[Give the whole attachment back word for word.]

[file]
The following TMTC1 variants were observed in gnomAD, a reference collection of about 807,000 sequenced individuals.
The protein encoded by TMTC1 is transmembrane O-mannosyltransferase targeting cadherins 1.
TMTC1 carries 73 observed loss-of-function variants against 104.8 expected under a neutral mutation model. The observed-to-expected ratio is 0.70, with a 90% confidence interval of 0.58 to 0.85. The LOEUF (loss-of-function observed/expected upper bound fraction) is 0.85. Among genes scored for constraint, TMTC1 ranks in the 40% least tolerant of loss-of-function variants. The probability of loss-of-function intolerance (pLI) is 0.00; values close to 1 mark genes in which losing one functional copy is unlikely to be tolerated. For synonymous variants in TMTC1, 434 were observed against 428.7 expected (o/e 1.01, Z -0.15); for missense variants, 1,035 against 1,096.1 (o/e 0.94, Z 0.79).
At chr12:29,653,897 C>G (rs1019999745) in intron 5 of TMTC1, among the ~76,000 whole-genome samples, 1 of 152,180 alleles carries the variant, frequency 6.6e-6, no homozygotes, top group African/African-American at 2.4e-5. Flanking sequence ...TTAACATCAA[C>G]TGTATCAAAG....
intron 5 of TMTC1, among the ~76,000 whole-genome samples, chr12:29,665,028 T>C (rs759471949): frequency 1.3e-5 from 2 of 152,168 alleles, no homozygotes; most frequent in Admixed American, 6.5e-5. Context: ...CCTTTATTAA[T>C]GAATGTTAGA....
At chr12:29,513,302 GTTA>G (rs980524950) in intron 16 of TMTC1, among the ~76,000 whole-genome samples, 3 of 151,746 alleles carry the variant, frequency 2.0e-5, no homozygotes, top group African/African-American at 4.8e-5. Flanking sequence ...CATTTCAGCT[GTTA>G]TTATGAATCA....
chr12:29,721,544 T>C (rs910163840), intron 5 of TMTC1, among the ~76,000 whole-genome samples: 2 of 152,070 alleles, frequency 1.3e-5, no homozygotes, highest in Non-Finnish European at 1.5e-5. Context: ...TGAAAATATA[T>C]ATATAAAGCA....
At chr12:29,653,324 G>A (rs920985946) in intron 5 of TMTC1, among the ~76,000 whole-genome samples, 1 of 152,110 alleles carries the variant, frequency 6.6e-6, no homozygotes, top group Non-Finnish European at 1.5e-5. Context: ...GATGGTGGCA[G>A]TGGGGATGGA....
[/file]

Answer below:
The following TMTC1 variants were observed in gnomAD, a reference collection of about 807,000 sequenced individuals.
The protein encoded by TMTC1 is transmembrane O-mannosyltransferase targeting cadherins 1.
TMTC1 carries 73 observed loss-of-function variants against 104.8 expected under a neutral mutation model. The observed-to-expected ratio is 0.70, with a 90% confidence interval of 0.58 to 0.85. The LOEUF (loss-of-function observed/expected upper bound fraction) is 0.85. Among genes scored for constraint, TMTC1 ranks in the 40% least tolerant of loss-of-function variants. The probability of loss-of-function intolerance (pLI) is 0.00; values close to 1 mark genes in which losing one functional copy is unlikely to be tolerated. For synonymous variants in TMTC1, 434 were observed against 428.7 expected (o/e 1.01, Z -0.15); for missense variants, 1,035 against 1,096.1 (o/e 0.94, Z 0.79).
At chr12:29,653,897 C>G (rs1019999745) in intron 5 of TMTC1, among the ~76,000 whole-genome samples, 1 of 152,180 alleles carries the variant, frequency 6.6e-6, no homozygotes, top group African/African-American at 2.4e-5. Flanking sequence ...TTAACATCAA[C>G]TGTATCAAAG....
intron 5 of TMTC1, among the ~76,000 whole-genome samples, chr12:29,665,028 T>C (rs759471949): frequency 1.3e-5 from 2 of 152,168 alleles, no homozygotes; most frequent in Admixed American, 6.5e-5. Context: ...CCTTTATTAA[T>C]GAATGTTAGA....
At chr12:29,513,302 GTTA>G (rs980524950) in intron 16 of TMTC1, among the ~76,000 whole-genome samples, 3 of 151,746 alleles carry the variant, frequency 2.0e-5, no homozygotes, top group African/African-American at 4.8e-5. Flanking sequence ...CATTTCAGCT[GTTA>G]TTATGAATCA....
chr12:29,721,544 T>C (rs910163840), intron 5 of TMTC1, among the ~76,000 whole-genome samples: 2 of 152,070 alleles, frequency 1.3e-5, no homozygotes, highest in Non-Finnish European at 1.5e-5. Context: ...TGAAAATATA[T>C]ATATAAAGCA....
At chr12:29,653,324 G>A (rs920985946) in intron 5 of TMTC1, among the ~76,000 whole-genome samples, 1 of 152,110 alleles carries the variant, frequency 6.6e-6, no homozygotes, top group Non-Finnish European at 1.5e-5. Context: ...GATGGTGGCA[G>A]TGGGGATGGA....